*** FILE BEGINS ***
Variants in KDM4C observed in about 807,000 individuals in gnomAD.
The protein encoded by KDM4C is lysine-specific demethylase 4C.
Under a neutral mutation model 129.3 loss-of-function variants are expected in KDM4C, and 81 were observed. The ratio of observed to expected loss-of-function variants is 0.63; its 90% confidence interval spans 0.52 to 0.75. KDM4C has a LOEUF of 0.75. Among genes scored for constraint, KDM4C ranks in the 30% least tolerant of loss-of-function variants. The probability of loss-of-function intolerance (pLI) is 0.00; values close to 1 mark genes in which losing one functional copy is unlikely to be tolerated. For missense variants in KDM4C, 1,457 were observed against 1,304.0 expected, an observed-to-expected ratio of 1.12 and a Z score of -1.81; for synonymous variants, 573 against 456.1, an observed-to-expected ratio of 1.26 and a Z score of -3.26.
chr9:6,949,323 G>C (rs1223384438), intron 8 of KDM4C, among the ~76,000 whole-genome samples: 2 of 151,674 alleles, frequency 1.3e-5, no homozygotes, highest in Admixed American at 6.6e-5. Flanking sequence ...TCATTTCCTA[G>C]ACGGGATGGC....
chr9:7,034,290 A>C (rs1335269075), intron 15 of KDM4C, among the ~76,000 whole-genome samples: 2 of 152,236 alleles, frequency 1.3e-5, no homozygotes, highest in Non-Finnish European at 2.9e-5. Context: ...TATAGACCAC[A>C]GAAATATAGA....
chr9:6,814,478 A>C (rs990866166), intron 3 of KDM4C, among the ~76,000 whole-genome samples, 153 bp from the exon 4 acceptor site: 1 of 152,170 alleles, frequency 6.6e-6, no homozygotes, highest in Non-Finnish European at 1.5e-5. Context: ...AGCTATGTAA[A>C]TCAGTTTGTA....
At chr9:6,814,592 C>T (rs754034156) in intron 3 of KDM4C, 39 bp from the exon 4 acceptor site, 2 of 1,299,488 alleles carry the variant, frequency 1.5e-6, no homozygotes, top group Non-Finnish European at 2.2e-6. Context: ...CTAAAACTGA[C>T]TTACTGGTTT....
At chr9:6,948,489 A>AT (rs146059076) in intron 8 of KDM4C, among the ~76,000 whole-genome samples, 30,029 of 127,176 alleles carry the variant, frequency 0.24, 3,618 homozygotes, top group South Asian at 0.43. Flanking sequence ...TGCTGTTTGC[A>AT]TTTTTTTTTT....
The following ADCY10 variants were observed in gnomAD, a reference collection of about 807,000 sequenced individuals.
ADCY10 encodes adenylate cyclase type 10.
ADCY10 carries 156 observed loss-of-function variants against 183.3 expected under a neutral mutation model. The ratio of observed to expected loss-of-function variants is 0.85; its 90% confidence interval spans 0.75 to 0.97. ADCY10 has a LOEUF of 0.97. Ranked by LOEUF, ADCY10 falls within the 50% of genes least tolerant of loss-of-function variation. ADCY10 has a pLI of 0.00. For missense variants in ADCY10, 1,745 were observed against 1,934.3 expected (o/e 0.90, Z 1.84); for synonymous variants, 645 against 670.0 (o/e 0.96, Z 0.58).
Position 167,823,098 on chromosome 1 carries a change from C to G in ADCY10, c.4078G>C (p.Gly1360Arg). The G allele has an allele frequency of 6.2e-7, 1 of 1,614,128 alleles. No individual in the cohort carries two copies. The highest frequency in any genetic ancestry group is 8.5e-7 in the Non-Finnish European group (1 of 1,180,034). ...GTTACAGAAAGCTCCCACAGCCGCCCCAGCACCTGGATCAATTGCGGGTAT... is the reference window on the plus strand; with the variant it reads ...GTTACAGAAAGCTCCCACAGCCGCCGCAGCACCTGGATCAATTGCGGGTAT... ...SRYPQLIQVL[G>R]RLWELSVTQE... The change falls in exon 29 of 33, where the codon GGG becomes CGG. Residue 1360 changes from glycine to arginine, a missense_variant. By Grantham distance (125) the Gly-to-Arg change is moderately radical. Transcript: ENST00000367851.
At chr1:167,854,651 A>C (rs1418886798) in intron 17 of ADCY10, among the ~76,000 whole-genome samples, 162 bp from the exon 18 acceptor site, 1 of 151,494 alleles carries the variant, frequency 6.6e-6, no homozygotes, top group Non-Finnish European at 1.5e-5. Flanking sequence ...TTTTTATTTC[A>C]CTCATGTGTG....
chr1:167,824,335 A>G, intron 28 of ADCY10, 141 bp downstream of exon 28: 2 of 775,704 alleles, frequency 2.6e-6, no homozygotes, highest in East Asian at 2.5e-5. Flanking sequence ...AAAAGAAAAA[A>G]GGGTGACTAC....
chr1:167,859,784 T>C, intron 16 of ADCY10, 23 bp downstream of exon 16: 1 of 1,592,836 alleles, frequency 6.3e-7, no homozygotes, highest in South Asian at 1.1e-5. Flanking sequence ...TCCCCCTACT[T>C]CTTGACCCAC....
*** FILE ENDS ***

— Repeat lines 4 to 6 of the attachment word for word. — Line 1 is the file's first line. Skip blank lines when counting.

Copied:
chr9:6,949,323 G>C (rs1223384438), intron 8 of KDM4C, among the ~76,000 whole-genome samples: 2 of 151,674 alleles, frequency 1.3e-5, no homozygotes, highest in Admixed American at 6.6e-5. Flanking sequence ...TCATTTCCTA[G>C]ACGGGATGGC....
chr9:7,034,290 A>C (rs1335269075), intron 15 of KDM4C, among the ~76,000 whole-genome samples: 2 of 152,236 alleles, frequency 1.3e-5, no homozygotes, highest in Non-Finnish European at 2.9e-5. Context: ...TATAGACCAC[A>C]GAAATATAGA....
chr9:6,814,478 A>C (rs990866166), intron 3 of KDM4C, among the ~76,000 whole-genome samples, 153 bp from the exon 4 acceptor site: 1 of 152,170 alleles, frequency 6.6e-6, no homozygotes, highest in Non-Finnish European at 1.5e-5. Context: ...AGCTATGTAA[A>C]TCAGTTTGTA....